Rahul May 26, 2012 at 10:18 am

I have a hard time imagining “one of the largest remittances in the world” as a “problem”; that probably is the silver lining here.

Brain drain is an over-hyped issue; a large part of the high productivity of the emigres arises simply because they leave the nation.; there is no simple way to trap this leaking productivity by knee-jerk border-control solutions that are often proposed.

TallDave May 26, 2012 at 1:38 pm

Well, imagine you live in a country that desperately needs better institutions, but a large proportion of the people capable of leading the change are instead going to other countries that already have better institutions.

Money alone often solves surprisingly few problems.

Doc Merlin May 26, 2012 at 2:14 pm

As Acemoglu points out, you will not develop better institutions if people aren’t free to leave, because then the at the margin government has an incentive to squeeze mor economic rents from people.

TallDave May 26, 2012 at 9:56 pm

That’s a good point, and I should be clear I don’t favor any sort of coercion aimed at restricting movement. My comment was merely observational.

In fact, I wonder if the United States and other Western countries actually benefit from a sort of first-mover advantage here — since we got to good institutions first, we’re now sucking people who appreciate good institutions away from countries that don’t have them yet, making their development more difficult.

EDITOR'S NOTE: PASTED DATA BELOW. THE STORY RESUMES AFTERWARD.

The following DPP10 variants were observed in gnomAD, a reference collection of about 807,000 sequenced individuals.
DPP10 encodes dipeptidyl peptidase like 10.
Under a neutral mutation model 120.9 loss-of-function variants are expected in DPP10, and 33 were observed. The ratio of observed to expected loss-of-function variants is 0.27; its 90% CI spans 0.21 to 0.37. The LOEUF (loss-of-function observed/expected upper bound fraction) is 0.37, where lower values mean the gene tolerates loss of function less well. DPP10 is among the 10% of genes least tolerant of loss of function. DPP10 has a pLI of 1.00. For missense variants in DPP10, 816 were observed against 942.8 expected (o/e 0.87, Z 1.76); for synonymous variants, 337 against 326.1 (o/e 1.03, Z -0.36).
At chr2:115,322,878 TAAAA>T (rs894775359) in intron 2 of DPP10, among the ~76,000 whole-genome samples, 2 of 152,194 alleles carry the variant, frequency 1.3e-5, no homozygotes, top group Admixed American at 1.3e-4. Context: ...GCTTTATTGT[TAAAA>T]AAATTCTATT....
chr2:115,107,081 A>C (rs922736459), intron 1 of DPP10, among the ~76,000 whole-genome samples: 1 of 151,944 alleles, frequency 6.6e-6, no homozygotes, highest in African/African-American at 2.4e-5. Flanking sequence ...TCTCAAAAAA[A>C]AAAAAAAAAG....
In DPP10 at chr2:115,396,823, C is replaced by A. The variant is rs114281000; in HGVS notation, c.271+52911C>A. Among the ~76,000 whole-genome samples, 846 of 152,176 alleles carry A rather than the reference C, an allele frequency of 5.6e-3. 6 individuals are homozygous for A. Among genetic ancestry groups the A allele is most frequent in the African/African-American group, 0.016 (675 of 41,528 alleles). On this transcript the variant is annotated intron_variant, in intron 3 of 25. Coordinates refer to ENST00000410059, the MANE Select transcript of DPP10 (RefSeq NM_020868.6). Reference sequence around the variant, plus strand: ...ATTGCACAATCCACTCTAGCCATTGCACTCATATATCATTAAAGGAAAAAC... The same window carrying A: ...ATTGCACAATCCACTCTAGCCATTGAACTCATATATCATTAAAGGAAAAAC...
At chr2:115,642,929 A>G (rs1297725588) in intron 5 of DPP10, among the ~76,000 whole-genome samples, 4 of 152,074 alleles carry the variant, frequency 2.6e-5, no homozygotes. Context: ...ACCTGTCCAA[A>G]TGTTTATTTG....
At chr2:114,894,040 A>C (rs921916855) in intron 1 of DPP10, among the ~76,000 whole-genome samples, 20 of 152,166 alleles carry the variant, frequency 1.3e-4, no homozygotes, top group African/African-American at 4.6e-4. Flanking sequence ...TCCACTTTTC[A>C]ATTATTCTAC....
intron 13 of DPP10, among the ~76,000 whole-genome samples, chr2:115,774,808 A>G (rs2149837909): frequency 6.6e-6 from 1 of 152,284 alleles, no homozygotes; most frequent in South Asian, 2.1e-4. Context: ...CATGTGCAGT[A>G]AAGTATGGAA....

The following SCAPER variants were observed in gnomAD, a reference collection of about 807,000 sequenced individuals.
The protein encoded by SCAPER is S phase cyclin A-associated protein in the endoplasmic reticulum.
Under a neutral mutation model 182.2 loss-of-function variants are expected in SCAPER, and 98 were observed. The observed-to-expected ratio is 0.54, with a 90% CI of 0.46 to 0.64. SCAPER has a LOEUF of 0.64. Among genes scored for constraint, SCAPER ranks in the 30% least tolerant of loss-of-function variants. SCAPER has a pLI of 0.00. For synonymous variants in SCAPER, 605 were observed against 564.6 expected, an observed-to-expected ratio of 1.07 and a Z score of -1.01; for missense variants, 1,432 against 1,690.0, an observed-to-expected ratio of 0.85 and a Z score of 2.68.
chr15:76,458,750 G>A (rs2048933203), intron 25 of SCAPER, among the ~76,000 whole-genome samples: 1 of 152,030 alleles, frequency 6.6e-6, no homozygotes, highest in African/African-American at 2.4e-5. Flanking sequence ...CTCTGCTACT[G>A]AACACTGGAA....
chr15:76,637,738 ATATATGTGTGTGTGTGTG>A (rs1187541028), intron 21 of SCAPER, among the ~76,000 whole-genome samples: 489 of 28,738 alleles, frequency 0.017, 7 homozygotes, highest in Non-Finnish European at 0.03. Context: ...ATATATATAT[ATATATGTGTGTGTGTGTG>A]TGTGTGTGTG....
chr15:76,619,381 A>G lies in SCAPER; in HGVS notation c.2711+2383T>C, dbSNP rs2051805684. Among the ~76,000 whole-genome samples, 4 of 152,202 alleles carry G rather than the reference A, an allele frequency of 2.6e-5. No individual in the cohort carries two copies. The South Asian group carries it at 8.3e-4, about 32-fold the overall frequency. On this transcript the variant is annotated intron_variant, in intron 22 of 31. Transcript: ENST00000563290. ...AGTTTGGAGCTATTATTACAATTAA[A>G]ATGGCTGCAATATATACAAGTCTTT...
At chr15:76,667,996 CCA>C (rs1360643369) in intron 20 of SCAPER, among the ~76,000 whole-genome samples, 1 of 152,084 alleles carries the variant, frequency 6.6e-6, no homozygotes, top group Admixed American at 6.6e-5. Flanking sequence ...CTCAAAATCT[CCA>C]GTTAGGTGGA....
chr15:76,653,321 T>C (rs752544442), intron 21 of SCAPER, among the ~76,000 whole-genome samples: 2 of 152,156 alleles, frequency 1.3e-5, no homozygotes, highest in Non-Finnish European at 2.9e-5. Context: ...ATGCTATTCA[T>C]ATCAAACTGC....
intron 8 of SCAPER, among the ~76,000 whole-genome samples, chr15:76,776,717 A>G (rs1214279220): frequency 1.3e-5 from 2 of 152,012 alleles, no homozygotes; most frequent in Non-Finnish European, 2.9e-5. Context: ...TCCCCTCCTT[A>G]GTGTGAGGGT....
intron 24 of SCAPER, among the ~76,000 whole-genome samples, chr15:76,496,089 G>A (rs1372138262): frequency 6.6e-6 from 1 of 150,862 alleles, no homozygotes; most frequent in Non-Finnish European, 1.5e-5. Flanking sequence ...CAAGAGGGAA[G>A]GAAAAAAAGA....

TallDave May 26, 2012 at 9:58 pm

(a problem that we never experienced when we were at their PPP GDP per capita level, is this a significant counterbalance to catch-up growth?)

Ricardo May 27, 2012 at 10:44 pm

As far as brain drain and the impetus for change is concerned, middle class Filipinos flooded the streets demanding change in 1986, were successful in doing so, and served as an inspiration to other freedom movements around the world in the next few years.

That’s not a bad record for a country where supposedly all the people capable of implementing change have left. Is corruption still a problem? Definitely, but it is a more complex problem than anecdotes like TallDave’s let on. For instance, out-right extortion is extremely rare and a recent survey showed that 90% of Filipinos never pay bribes to government officials. In other words, bribery is something engaged in by a small percentage of people who are breaking the law and just don’t want to face legal consequences. Certainly, these people who pay bribes have higher than normal incomes and one would guess they are comparatively well-educated. So there really is something culturally that needs to change and it’s not clear that “brain drain” has much to do with it one way or the other.

TallDave May 28, 2012 at 12:04 am

The removal of Marcos was definitely a positive. OTOH, corruption remains endemic, rule of law is still elusive, and the country’s economic situation did not improve much either.

Most Filipinos mostly deal with their local barangay, who have little power, and can’t afford to bribe anyone anyway. Even so, that 10% statistic seems laughable to most Filipinos I’ve met. I’m not whether that excludes police or if people were just less than totally willing to admit to it.

Cultures change because motivated people change them. For Filipinos who want better institutions, it’s a lot easier to go somewhere that has them already. It’s not so much a “brain drain” as a culture drain. Not saying they can’t get there or that there aren’t lots Filipinos who are committed to improving things, just that the incentives are often not aligned to help them in the effort.

Ricardo May 28, 2012 at 1:05 am